1. Follicular unit strip surgery (FUSS).
With FUSS, the hairs in a small region in the middle of the back of the scalp are trimmed and those hairs and the accompanying skin are removed. Removal of that piece of skin requires placement of stitches or sutures. A small scar (about the thickness of the lifelines in one’s palm) will ultimately form as the area heals. However, as soon as the patient walks out the door on day 1 – nobody can tell there has been a surgery in the back of the scalp. The stitches are completely hidden.
SUMMARY of FUSS METHOD
– NO SHAVING of SCALP IS REQUIRED
– STITCHES ARE REQUIRED
2. Follicular unit extraction (FUE)
With FUE, the back of the scalp is shaved and follicular units are removed from the back of the scalp ‘one by one.’ These tiny circles heal on their own and stitches are not required. Contrary to what is often (unfortunately) advertised, FUE is not a scarless procedure – the areas simply heal with tiny circular microscars that soon get covered as the hair grows out. It takes about 10 days for the hair to grow back to cover the scars but it takes 1 month for the hair to grow 1 cm. For women with 30 cm hair, it takes about a 2 years for the hair to grow back to that length.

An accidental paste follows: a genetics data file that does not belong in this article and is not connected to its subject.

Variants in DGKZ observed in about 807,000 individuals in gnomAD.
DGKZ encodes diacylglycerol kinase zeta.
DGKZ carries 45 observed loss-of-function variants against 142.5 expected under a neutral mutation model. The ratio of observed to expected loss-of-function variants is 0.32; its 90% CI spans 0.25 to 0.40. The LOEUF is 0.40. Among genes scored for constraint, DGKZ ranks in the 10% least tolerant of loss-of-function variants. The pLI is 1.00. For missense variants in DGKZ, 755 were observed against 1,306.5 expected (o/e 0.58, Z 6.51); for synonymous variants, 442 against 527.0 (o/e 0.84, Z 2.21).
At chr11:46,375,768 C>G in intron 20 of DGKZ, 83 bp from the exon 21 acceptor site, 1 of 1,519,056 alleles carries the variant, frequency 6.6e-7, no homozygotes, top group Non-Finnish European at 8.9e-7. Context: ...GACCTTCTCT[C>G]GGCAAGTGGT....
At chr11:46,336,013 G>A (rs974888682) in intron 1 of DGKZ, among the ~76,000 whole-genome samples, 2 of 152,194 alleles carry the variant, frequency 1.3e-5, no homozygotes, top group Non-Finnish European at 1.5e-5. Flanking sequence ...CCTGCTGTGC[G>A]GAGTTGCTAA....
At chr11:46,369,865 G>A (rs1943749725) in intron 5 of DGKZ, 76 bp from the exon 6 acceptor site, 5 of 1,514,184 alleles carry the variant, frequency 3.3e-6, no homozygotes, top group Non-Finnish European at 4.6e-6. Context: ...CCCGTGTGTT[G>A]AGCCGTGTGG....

SUMMARY of FUE METHOD
– SHAVING of SCALP IS REQUIRED
– STITCHES ARE NOT REQUIRED
Summary: FUE is not the ideal hair transplant technique for women
Based on current technology, I don’t believe FUE is the best technique for women. I don’t recommend Neograft, I don’t recommend ARTAS, and I don’t recommend manual or motorized FUE for women considering hair transplants. I do not recommend FUE.
I have yet to meet a female patient who prefers to shave their head over a small scar which is hidden within their hair.
For man who normally wear their hair very short, FUE can still be a good technique – and certainly a large proportion of our cases are FUE. But 99.5 % of our female hair transplant patients undergoing moderate sized hair transplant cases prefer strip surgery (FUSS) with placement of stitches.